"After the students transfer, we will be providing sessions on 21st century skills and traditional strategies for success as well as sessions so students can learn more about themselves, their strengths and how they can become better problem solvers," said Claeys. "Additionally, we will provide them with career transitioning guidance, tutoring and mentoring that can help them overcome personal or academic challenges they may face as students and as they begin their teaching careers. Through previous grants, the ATE has utilized this combination of support systems, which have proven successful in novice teacher retention."
Crisp's role for the COEHD Department of Educational Leadership and Policy Studies will be to carry out research on how mentoring and support assist transfer students in becoming top-quality teachers. That information will be used to create a model program that can be replicated nationally to increase the number and quality of math and science teachers.
Take Back the Night is an international initiative to end violence. The event begins with banner making, followed by a march, presentations and poetry reading.
Sombrilla, Main Campus
Members of the UTSA community have published “Adapt and Overcome: Essays of the Student Veteran Experience,” an important book to help active duty military and veterans successfully transition to college life. The event includes a panel discussion with UTSA alumni student veterans who contributed chapters to the book. Guests can also purchase the book. All proceeds benefit the UTSA Student Veteran Association.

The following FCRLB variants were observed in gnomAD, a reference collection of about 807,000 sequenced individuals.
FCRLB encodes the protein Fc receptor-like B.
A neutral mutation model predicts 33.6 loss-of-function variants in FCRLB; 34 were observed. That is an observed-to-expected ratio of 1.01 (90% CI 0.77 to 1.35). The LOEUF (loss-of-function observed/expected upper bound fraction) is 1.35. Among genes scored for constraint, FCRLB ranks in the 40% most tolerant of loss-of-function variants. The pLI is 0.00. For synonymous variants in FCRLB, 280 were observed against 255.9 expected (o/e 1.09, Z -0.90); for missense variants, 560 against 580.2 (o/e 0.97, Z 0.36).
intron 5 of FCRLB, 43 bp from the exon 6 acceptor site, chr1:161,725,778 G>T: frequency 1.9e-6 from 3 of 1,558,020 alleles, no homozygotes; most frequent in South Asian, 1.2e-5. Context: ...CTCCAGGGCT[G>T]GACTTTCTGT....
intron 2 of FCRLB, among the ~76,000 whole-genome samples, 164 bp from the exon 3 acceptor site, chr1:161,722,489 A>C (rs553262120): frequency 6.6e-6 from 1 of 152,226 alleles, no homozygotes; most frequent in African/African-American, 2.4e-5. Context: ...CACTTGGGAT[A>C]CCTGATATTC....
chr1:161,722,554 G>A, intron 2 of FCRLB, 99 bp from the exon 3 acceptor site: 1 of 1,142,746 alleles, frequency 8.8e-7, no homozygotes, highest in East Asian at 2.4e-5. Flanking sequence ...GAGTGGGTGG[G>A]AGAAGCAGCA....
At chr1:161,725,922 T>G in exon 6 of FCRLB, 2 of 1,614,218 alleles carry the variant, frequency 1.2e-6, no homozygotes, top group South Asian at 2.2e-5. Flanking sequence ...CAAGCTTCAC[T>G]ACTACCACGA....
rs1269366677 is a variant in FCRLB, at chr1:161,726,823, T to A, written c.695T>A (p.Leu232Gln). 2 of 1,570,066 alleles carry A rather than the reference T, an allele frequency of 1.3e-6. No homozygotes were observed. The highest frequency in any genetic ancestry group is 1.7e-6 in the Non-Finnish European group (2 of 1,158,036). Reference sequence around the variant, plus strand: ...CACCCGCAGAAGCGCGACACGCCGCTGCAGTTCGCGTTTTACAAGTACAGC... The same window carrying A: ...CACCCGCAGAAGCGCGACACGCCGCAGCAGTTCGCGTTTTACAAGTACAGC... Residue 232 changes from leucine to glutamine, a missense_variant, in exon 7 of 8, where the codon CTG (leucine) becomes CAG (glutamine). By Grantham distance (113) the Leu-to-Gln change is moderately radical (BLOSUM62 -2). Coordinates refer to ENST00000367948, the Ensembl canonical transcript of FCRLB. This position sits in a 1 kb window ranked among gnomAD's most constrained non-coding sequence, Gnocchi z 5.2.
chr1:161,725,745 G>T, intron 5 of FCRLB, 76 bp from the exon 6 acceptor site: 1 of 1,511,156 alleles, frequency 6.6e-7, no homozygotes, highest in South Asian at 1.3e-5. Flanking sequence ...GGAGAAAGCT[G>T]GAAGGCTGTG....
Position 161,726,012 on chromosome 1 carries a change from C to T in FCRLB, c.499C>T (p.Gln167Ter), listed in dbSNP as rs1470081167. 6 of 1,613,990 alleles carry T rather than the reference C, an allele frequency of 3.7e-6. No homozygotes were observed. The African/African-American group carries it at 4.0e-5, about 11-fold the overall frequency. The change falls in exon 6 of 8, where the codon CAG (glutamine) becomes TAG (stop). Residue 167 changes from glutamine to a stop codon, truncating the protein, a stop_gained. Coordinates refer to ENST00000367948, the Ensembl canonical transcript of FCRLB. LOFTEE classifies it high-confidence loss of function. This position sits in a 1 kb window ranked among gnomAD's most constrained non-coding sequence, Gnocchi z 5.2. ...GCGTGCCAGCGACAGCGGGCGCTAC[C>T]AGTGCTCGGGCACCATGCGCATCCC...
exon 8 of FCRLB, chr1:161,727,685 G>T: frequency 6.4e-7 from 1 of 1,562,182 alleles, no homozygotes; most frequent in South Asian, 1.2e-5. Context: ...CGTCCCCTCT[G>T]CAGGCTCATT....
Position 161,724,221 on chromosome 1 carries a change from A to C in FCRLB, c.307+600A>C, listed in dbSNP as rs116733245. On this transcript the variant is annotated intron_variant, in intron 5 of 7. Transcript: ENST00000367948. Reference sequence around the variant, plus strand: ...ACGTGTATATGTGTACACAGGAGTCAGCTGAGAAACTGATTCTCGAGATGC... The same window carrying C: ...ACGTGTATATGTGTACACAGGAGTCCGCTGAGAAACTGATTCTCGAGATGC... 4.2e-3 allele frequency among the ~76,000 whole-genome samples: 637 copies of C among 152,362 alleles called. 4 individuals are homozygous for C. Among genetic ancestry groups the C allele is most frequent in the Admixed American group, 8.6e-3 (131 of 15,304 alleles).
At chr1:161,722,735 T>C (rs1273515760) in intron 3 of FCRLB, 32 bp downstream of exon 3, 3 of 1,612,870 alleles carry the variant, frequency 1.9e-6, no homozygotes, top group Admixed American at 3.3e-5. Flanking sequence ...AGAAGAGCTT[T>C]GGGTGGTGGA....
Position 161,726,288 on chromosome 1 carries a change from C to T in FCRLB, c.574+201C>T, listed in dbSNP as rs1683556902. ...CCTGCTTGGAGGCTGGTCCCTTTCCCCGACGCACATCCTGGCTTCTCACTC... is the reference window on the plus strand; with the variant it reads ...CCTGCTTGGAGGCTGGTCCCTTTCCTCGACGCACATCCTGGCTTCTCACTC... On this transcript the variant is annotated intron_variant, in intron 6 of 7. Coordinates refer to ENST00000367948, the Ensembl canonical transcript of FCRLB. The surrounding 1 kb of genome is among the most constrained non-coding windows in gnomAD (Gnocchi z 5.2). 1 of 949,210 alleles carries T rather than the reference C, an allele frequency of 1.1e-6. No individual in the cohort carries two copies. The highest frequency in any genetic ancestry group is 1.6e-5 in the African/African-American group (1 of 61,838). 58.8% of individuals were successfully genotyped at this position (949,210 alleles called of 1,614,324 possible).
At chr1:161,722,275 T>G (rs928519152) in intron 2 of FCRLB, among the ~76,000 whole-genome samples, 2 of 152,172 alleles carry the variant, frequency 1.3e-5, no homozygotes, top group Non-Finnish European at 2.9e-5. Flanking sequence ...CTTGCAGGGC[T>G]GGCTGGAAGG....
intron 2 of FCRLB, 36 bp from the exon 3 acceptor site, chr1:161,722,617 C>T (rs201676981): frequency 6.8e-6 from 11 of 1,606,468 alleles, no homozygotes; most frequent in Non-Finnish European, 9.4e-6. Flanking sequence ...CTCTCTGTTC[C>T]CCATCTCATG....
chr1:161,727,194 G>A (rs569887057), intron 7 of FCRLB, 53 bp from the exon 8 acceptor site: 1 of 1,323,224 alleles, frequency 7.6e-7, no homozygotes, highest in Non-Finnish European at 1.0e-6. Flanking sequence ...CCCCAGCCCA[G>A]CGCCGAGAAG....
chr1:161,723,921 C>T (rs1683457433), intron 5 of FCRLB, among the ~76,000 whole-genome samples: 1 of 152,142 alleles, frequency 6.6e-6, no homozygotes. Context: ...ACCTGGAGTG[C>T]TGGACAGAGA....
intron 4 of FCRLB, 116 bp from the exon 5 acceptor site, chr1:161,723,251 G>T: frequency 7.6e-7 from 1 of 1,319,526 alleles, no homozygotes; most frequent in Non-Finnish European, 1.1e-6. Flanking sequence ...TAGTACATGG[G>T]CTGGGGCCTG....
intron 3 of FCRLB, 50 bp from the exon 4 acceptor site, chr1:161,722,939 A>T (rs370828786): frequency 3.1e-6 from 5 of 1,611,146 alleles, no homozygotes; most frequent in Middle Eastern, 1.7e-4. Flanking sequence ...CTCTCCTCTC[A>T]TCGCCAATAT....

Business Building, University Room (BB 2.06.04), Main Campus
The Graduate School is hosting a panel discussion for all of our current students, alumni and members of the San Antonio community who are interested in learning more about graduate education.
Graduate School and Research Building (GSR 1.204), Main Campus
The annual UTSA Graduate fair gives students an opportunity to meet representatives who can provide the information on admission requirements, fellowship opportunities, and other key information.
University Center, Main Campus
A recruiter will speak to potential candidates for the Archer program. The Archer program has helped students land successful careers in public service.
Durango Building (DB 2.208), Downtown Campus
Canadian scholar Jasmin Hristov will present a lecture on paramilitarism, complex type of politically-motivated violence in different parts of Latin America. This presentation will explain paramilitary violence as a tool of economic globalization.
Buena Vista St. Bldg., Aula Canaria Lecture Hall (BV 1.328), Downtown Campus
The UTSA College of Engineering Technology Symposium showcases innovative student projects and research performed across multiple disciplines including engineering, science and business. The public is invited.
H-E-B UC Ballroom (HUC 1.104), Main Campus
The University of Texas at San Antonio is dedicated to the advancement of knowledge through research and discovery, teaching and learning, community engagement and public service. As an institution of access and excellence, UTSA embraces multicultural traditions and serves as a center for intellectual and creative resources as well as a catalyst for socioeconomic development and the commercialization of intellectual property - for Texas, the nation and the world.